# Scalar product square matrix hermitian adjoint proof

1. Nov 23, 2012

### bossman007

1. The problem statement, all variables and given/known data

If M is a square matrix, prove:

(A, MB) = (adj(M)A, B)

where (A, MB) denotes the scalar product of the matrices and adj() is the adjoint (hermitian adjoint, transpose of complex conjugate, M-dagger, whatever you want to call it!)

2. Relevant equations

adj(M)=M(transpose of the complex conjugate)

scalar product : A dot B = (A, B) = adj(A)B

I'm supposed to first write (A, MB) = (MB,A)^(complex conjugate) and apply the definitions of the scalar product above and adj(M)...and am warned to take complex conjugates carefully

3. The attempt at a solution

My attempted work is this:...i didnt follow the hint above because i just applied the inner product definition as in the picture and got both sides to be equivalent

[PLAIN]http://postimage.org/image/v3127r3w5/ [Broken][/PLAIN]

Last edited by a moderator: May 6, 2017
2. Nov 23, 2012

### HallsofIvy

Staff Emeritus
Are you given that these matrices are all 3 by 3? Because all you prove this for.

3. Nov 23, 2012

### bossman007

It doesnt say, I listed everything about the problem. I'm still not sure what to do

4. Nov 23, 2012

### Robert1986

Have you learned that $(a,Mb)=(Mb)^\top a$ and that $(Mb)^\top = b^\top M^\top$?

Of course the formula is the same for conjugate transpose as well (ie you can replace the T by *).

5. Nov 23, 2012

### bossman007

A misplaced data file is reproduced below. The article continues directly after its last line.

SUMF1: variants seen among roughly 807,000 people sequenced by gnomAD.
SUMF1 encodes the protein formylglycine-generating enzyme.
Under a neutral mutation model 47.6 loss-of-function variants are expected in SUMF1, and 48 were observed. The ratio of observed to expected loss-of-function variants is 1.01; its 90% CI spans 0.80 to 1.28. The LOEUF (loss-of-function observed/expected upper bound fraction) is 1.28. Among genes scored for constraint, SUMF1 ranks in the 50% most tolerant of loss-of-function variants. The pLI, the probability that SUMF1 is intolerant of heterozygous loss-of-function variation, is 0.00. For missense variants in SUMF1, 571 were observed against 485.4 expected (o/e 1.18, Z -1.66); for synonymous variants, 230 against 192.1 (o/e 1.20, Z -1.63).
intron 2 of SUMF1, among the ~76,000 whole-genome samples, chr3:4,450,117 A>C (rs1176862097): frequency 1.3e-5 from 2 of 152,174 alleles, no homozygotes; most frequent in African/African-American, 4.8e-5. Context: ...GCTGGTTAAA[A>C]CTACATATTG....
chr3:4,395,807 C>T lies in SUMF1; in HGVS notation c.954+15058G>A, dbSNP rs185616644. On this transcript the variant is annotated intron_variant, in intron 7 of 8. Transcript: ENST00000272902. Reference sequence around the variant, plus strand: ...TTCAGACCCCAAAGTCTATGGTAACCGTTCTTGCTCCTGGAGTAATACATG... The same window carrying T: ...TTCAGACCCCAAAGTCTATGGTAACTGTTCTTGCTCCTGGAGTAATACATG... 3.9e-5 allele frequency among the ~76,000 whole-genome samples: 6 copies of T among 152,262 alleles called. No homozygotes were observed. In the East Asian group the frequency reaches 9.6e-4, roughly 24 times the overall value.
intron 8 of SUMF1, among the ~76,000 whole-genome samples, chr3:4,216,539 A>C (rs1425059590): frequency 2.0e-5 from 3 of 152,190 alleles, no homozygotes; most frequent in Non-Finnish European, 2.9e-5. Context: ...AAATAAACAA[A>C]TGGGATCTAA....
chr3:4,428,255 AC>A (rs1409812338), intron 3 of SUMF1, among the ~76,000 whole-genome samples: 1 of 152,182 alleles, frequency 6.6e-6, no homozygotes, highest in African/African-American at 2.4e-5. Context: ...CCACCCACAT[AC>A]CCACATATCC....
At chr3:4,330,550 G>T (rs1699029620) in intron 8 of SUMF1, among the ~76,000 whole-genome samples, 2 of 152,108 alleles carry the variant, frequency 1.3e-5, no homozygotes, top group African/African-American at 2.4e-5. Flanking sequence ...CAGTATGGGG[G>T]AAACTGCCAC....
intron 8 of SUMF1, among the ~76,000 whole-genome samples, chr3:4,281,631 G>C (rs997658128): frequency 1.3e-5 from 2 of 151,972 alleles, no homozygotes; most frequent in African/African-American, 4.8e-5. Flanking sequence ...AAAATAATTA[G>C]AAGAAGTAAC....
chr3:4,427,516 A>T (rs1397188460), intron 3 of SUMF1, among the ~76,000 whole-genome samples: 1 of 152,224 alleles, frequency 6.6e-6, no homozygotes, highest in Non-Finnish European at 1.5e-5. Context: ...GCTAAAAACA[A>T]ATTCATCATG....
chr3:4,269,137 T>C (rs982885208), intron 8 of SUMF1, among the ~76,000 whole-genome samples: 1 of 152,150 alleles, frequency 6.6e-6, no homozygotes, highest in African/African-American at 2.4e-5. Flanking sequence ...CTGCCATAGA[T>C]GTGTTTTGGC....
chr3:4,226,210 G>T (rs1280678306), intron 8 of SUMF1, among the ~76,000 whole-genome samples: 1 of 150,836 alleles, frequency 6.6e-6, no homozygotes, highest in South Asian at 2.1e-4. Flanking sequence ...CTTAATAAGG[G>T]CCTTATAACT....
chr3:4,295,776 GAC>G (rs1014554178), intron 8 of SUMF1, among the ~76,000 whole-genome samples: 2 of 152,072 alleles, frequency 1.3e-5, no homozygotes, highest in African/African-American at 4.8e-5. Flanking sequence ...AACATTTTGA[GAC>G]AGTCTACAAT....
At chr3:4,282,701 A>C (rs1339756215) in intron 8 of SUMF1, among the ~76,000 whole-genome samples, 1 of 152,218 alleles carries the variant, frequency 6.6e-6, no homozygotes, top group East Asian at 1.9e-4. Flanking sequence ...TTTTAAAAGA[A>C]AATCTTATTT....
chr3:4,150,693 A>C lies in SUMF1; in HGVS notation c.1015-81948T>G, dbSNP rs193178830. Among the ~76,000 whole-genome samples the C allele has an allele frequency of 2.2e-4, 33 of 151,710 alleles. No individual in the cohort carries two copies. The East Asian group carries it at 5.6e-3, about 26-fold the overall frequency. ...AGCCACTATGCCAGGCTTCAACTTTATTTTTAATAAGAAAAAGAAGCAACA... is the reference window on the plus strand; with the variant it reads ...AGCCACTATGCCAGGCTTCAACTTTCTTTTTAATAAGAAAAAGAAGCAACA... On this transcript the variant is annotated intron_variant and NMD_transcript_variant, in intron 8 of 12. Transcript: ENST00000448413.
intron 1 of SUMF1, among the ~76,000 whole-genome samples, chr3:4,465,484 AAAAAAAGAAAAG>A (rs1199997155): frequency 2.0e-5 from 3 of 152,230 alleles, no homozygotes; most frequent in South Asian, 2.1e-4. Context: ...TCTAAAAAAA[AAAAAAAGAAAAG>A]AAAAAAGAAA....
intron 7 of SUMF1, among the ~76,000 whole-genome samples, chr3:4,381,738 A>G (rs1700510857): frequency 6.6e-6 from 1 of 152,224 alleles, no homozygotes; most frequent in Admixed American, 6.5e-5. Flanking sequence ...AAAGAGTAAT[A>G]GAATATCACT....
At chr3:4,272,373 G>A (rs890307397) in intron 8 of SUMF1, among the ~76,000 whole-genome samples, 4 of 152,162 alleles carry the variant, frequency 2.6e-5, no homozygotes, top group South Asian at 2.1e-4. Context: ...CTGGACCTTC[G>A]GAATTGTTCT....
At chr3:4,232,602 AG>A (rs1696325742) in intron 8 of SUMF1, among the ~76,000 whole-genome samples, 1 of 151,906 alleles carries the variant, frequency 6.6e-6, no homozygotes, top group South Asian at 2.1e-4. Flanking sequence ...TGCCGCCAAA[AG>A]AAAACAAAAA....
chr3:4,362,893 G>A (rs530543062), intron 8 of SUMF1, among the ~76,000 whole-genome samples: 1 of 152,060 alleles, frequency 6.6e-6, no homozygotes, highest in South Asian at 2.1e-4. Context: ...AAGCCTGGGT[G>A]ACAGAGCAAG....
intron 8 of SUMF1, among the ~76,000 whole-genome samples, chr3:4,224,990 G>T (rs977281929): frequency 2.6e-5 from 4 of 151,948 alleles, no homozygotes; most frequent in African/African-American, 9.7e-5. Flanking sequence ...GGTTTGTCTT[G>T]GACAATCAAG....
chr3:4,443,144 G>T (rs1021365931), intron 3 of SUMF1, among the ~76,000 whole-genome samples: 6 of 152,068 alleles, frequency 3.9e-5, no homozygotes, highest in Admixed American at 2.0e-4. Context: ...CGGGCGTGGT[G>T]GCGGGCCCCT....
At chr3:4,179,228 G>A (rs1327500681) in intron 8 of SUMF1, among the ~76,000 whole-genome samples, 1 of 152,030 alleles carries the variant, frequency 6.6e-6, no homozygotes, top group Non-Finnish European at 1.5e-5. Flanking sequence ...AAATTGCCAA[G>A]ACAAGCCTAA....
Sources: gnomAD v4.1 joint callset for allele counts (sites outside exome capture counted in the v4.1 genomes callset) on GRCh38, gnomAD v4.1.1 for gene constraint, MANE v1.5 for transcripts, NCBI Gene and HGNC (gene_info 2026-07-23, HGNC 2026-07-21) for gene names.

No I haven't learned that yet. What I have to do has something to do with the hint in OP but I can't make sense of

6. Nov 23, 2012

### bossman007

this is as far as i got using the hint...

[url=http://postimage.org/][PLAIN]http://s18.postimage.org/oz17lwl4p/photo_1.jpg[/url] free photo hosting[/PLAIN]

M is supposed to be a square matrix. The hint says after I applied the first step and the definitions of the scalar product and M(adjoint), I need to take complex conjugates? Where did I go wrong, or what do I have to do next in this proof? Many thanks

7. Nov 23, 2012

### Robert1986

Wait a second, here. I think you actually do know those formulas I gave you before, but the notation you are using doesn't seem to be what the standard notation is. Usually T means transpose, * means Hermitian adjoint (or conjugate transpose, both mean the same) and a bar means complex conjugate. Also, I believe that your formula is incorrect for $(A,B)$. It should be $B^*A$ (in "standard notation") or $B^\top A$ (in your notation.)

Whose notation is this, btw? Is it yours? Your prof's? Your book's?

8. Nov 23, 2012

### bossman007

its my books notation as seen here.

The difference in notation arises from the fact my book uses column matrix representation for vectors instead of row matrix representation , you think?

9. Nov 23, 2012

### bossman007

I made a mistake in my work picture above...quick correction here. Still do not know what to do next

[url=http://postimage.org/][PLAIN]http://s9.postimage.org/6luvfiam7/photo_2.jpg[/url] photo sharing websites[/PLAIN]

10. Nov 23, 2012

### Robert1986

So, using your notation, $M^\dagger A,B) = (M^\dagger A)^\dagger B = A^\dagger MB$. Now do you see what to do? Of course, this didn't really use the hint, but it looks like it works.

Again, just out of curiosity, what is the title of this book? Is it a Mathematical Physics book? I am interested because I have never seen the scalar product defined that way in a math book (that's not to say it hasn't happened, I just haven't seen it.)

11. Nov 23, 2012

### bossman007

Yea it's a "tutorial" math methods in physics book written by a professor for us, it's broken into 2 parts (semesters) and I also have Mary boas math methods book but couldn't find any help in there for this problem. Many thanks for the help !!! So what you just posted is basically the proof I did in the very first picture, right ? Would that very first picture I posted consist of the whole proof, like what you just hinted at, which seems correct ?